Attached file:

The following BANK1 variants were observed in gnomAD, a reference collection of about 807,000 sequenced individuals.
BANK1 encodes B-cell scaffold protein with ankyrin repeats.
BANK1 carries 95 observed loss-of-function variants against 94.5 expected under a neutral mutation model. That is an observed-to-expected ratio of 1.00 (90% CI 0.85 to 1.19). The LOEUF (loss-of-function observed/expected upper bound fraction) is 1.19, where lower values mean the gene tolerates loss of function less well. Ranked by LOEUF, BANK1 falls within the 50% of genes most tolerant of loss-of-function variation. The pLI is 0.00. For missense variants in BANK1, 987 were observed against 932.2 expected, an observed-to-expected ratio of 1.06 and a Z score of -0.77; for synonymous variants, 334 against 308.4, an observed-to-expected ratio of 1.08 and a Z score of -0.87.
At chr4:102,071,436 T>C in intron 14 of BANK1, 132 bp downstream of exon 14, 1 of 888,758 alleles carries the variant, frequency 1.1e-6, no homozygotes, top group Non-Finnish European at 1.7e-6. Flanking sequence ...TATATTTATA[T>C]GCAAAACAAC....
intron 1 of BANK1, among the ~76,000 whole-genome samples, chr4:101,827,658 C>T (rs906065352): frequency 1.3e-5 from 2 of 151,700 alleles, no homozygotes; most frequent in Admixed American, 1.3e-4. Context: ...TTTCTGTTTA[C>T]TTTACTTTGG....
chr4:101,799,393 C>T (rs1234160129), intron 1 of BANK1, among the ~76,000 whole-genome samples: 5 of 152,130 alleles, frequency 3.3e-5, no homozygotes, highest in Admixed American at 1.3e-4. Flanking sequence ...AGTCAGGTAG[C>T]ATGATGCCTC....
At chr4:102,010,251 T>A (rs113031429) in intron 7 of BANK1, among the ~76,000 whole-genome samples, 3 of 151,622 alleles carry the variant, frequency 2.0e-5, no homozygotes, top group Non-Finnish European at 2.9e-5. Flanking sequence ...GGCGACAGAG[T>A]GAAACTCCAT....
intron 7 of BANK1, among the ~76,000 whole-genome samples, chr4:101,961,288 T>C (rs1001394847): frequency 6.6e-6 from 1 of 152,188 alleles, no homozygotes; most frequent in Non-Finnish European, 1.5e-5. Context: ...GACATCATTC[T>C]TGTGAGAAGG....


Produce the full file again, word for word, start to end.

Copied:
The following BANK1 variants were observed in gnomAD, a reference collection of about 807,000 sequenced individuals.
BANK1 encodes B-cell scaffold protein with ankyrin repeats.
BANK1 carries 95 observed loss-of-function variants against 94.5 expected under a neutral mutation model. That is an observed-to-expected ratio of 1.00 (90% CI 0.85 to 1.19). The LOEUF (loss-of-function observed/expected upper bound fraction) is 1.19, where lower values mean the gene tolerates loss of function less well. Ranked by LOEUF, BANK1 falls within the 50% of genes most tolerant of loss-of-function variation. The pLI is 0.00. For missense variants in BANK1, 987 were observed against 932.2 expected, an observed-to-expected ratio of 1.06 and a Z score of -0.77; for synonymous variants, 334 against 308.4, an observed-to-expected ratio of 1.08 and a Z score of -0.87.
At chr4:102,071,436 T>C in intron 14 of BANK1, 132 bp downstream of exon 14, 1 of 888,758 alleles carries the variant, frequency 1.1e-6, no homozygotes, top group Non-Finnish European at 1.7e-6. Flanking sequence ...TATATTTATA[T>C]GCAAAACAAC....
intron 1 of BANK1, among the ~76,000 whole-genome samples, chr4:101,827,658 C>T (rs906065352): frequency 1.3e-5 from 2 of 151,700 alleles, no homozygotes; most frequent in Admixed American, 1.3e-4. Context: ...TTTCTGTTTA[C>T]TTTACTTTGG....
chr4:101,799,393 C>T (rs1234160129), intron 1 of BANK1, among the ~76,000 whole-genome samples: 5 of 152,130 alleles, frequency 3.3e-5, no homozygotes, highest in Admixed American at 1.3e-4. Flanking sequence ...AGTCAGGTAG[C>T]ATGATGCCTC....
At chr4:102,010,251 T>A (rs113031429) in intron 7 of BANK1, among the ~76,000 whole-genome samples, 3 of 151,622 alleles carry the variant, frequency 2.0e-5, no homozygotes, top group Non-Finnish European at 2.9e-5. Flanking sequence ...GGCGACAGAG[T>A]GAAACTCCAT....
intron 7 of BANK1, among the ~76,000 whole-genome samples, chr4:101,961,288 T>C (rs1001394847): frequency 6.6e-6 from 1 of 152,188 alleles, no homozygotes; most frequent in Non-Finnish European, 1.5e-5. Context: ...GACATCATTC[T>C]TGTGAGAAGG....